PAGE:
A virtuous flute player of great geniality, Pixinguinha set the foundations for Brazilian music, mixing the style of Ernesto Nazareth, Chiquinha Gonzaga and the first chorões with African and European rhythms and American Black music. As an arranger, in the orchestra of the Victor recording company in 1929, he incorporated Brazilian elements into a medium dominated by foreign techniques changing the way of orchestrating and arranging. He was a professional, when most musicians imported from Brazil were amateurs. He was a researcher always concerned with innovating Brazilian music.
With some two thousand songs, he is one of the most fertile composers of Brazilian Popular Music. A boy prodigy, Alfredo da Rocha Vianna played the cavaquinho (a kind of banjo) and also the flute at the age of 12, when he composed the choro Milk Can (Lata de Leite), inspired by the chorões, Bohemian musicians that after their nights out would take other people’s milk left outside the doors. At the age of 18, he recorded Rose (Rosa) and You Suffer Because You Want to (Sofres porque Queres). The fourteenth child of a musical family, when still young he would accompany his father, a flautist, in dances and parties, playing the cavaquinho. His grandmother Edwiges, born in Africa, approved the conduct of her grandson with a loving expression, Pizindin (good boy).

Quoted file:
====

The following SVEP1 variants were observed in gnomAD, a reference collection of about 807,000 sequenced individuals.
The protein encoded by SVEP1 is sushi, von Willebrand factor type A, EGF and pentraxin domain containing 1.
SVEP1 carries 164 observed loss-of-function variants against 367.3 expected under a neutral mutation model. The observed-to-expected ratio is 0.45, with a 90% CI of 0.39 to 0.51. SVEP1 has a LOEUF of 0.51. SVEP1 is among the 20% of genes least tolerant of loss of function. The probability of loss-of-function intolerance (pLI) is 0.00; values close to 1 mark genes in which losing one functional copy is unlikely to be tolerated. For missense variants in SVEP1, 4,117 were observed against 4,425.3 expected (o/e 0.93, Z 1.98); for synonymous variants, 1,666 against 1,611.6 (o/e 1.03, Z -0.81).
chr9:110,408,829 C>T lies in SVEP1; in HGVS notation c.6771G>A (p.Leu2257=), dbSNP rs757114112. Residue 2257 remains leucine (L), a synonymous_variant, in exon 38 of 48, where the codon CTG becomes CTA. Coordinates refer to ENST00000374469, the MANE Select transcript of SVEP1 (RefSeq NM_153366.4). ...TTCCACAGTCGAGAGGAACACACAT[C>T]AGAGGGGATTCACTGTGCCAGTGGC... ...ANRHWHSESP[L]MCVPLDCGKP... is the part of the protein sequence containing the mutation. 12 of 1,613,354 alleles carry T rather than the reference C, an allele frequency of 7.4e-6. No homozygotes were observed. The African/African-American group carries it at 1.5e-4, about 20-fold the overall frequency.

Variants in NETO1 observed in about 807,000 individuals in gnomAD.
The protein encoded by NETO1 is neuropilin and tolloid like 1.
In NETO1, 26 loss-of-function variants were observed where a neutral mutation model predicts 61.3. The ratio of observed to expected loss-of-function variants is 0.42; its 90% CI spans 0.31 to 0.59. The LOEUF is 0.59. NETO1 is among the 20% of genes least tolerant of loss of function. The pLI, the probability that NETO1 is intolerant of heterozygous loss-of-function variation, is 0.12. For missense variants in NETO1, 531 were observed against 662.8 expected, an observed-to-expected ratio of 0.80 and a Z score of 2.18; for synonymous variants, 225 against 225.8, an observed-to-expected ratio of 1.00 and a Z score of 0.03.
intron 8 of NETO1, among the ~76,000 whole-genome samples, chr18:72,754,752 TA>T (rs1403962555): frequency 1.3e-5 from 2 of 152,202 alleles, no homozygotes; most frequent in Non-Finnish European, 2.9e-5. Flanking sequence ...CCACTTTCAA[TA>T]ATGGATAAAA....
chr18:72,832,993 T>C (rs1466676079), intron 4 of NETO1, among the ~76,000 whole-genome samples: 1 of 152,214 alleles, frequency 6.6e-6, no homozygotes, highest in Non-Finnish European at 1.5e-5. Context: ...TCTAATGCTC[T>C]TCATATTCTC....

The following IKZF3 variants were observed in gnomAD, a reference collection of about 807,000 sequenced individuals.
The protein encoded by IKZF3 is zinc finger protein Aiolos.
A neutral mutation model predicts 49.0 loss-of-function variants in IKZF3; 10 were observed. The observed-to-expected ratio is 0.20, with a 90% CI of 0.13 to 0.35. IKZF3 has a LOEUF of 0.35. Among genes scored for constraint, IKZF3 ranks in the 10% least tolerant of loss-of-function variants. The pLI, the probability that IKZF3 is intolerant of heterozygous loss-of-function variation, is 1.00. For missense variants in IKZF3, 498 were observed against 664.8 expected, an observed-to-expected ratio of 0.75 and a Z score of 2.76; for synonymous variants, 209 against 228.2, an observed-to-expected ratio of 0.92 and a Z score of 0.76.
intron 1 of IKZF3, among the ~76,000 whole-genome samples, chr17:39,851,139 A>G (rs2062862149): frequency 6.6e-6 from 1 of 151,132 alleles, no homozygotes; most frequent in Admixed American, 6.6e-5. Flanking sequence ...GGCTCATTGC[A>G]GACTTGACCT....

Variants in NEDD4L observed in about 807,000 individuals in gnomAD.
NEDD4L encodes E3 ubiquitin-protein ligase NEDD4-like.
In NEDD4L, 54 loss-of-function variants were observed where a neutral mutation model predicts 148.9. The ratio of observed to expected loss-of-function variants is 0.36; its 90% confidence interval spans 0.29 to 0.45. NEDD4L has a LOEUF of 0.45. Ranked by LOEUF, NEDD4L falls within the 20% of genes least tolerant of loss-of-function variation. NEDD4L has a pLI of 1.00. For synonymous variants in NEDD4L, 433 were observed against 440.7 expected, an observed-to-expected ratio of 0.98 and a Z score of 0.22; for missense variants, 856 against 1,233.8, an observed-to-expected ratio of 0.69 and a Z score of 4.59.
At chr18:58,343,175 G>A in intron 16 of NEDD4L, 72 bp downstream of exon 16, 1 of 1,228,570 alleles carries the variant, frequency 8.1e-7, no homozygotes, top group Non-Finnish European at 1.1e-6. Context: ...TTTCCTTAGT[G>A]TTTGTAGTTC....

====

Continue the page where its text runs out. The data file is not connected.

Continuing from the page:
The boys of the neighbourhood preferred to call him Bexiguinha, a reference to the marks that smallpox had left on the boy’s face. Over time, the two names of Pizindin and Bexiguinha joined, becoming Pixinguinha. In 192, he had the experience that would mean a decisive change in his career: he went to Europe with the group known as Os Oito Batutas, to publicise Brazilian music. In the six months he spent in Paris, he had contact with modern European music and also with American jazz.
The groups led by Pixinguinha, the Typical Pixinguinha-Donga Orchestra, the Devils of the Sky (Diabos do Céu), the Old Guard (Guarda Velha) and the Columbia Orchestra of Pixinguinga, were all very important in the Brazilian phonographic industry. The most famous song, Endearing (Carinhoso) was composed in 1917 and performed for the first time in 1928, only with instruments - João de Barro would only write the lyrics in 1937, to be recorded by Orlando Silva. In the 1930s and 1940s, he recorded, with flute and saxophone, basic pieces of the choro repertoire, such as Hold Him (Segura Ele), I Still Recall (Ainda Me Recordo), At That Time (Naquele Tempo) and Embracing a Crocodile (Abraçando Jacaré).
In 1940, appointed by Villa-Lobos, he selected the popular musicians for the famous recording by maestro Leopold Stokowski, who publicised Brazilian music in the United States. He never stopped composing, not even when he had his first heart attack in 1964. For all this, Pixinguinha deserves to be hailed as one of the most significant geniuses that Brazilian Popular Music has ever had.
Book 100 Brasileiros(2004)